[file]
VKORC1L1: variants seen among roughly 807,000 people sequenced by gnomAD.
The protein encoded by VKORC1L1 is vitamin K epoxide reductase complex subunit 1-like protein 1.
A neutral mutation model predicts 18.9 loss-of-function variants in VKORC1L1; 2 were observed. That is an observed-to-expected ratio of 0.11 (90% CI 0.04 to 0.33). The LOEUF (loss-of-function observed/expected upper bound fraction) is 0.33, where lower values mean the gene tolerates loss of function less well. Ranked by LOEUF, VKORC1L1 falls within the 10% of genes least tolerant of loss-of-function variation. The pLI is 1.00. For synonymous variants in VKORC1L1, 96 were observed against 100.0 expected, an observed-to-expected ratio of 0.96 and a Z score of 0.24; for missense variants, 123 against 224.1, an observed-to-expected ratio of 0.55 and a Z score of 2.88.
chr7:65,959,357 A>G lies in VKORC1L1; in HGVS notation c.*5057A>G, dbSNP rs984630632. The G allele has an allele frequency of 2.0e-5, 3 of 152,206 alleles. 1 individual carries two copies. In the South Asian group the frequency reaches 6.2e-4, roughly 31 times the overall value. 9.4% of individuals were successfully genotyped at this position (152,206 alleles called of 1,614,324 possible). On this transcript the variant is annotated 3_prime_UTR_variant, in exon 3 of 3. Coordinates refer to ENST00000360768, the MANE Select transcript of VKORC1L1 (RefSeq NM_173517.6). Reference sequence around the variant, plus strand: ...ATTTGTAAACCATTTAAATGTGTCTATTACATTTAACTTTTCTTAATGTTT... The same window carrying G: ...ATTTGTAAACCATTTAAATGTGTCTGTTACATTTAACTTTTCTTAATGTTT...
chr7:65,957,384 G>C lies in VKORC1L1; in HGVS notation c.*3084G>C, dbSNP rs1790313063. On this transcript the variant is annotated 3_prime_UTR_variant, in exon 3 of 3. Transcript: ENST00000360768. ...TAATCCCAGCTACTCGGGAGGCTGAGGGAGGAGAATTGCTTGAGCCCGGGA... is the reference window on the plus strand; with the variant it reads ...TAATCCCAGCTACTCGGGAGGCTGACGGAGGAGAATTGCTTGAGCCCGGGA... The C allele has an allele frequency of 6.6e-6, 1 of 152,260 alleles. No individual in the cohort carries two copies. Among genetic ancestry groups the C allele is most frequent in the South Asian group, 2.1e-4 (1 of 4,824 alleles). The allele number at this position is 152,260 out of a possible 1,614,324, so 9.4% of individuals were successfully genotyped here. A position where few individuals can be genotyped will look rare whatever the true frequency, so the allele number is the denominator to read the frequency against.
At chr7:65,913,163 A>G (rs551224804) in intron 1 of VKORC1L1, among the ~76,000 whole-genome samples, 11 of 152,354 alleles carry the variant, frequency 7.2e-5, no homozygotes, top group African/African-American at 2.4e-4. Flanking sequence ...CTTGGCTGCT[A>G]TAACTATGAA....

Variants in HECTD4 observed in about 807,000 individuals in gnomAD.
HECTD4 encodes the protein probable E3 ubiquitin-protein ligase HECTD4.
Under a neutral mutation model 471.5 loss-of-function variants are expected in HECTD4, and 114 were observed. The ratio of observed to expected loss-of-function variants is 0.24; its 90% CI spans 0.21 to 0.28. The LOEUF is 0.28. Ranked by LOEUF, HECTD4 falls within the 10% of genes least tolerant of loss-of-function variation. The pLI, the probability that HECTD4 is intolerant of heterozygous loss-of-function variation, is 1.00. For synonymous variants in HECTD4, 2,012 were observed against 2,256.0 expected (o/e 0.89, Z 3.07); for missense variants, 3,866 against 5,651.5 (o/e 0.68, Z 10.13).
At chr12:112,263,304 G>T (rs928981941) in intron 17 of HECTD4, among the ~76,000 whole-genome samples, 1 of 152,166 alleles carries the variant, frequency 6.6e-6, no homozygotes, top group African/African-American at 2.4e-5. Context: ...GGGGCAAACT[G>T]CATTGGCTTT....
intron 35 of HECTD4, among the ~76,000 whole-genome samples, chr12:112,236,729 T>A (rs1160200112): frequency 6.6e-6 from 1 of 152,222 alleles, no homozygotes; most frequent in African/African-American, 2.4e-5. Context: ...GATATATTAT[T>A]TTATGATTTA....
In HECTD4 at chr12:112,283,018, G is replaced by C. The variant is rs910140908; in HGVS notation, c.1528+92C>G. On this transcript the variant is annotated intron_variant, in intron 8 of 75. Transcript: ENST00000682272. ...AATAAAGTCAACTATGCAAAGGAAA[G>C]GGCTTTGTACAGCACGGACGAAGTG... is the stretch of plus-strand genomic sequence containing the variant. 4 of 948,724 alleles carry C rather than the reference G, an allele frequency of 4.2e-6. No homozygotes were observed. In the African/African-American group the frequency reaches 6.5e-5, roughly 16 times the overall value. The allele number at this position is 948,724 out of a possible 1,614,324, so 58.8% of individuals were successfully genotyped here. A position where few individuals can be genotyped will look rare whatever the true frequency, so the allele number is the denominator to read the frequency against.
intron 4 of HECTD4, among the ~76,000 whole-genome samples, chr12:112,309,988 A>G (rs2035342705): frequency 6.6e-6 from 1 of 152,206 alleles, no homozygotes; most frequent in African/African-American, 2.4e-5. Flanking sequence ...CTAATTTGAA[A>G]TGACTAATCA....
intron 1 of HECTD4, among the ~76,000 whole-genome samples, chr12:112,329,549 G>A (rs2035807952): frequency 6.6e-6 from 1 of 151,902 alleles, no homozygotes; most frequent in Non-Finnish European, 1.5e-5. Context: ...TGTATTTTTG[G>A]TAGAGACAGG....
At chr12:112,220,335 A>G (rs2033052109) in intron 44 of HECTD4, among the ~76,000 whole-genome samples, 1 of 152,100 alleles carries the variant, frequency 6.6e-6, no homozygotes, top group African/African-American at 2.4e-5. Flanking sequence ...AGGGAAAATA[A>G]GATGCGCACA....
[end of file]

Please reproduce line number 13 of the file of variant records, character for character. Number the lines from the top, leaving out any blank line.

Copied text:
intron 4 of HECTD4, among the ~76,000 whole-genome samples, chr12:112,309,988 A>G (rs2035342705): frequency 6.6e-6 from 1 of 152,206 alleles, no homozygotes; most frequent in African/African-American, 2.4e-5. Flanking sequence ...CTAATTTGAA[A>G]TGACTAATCA....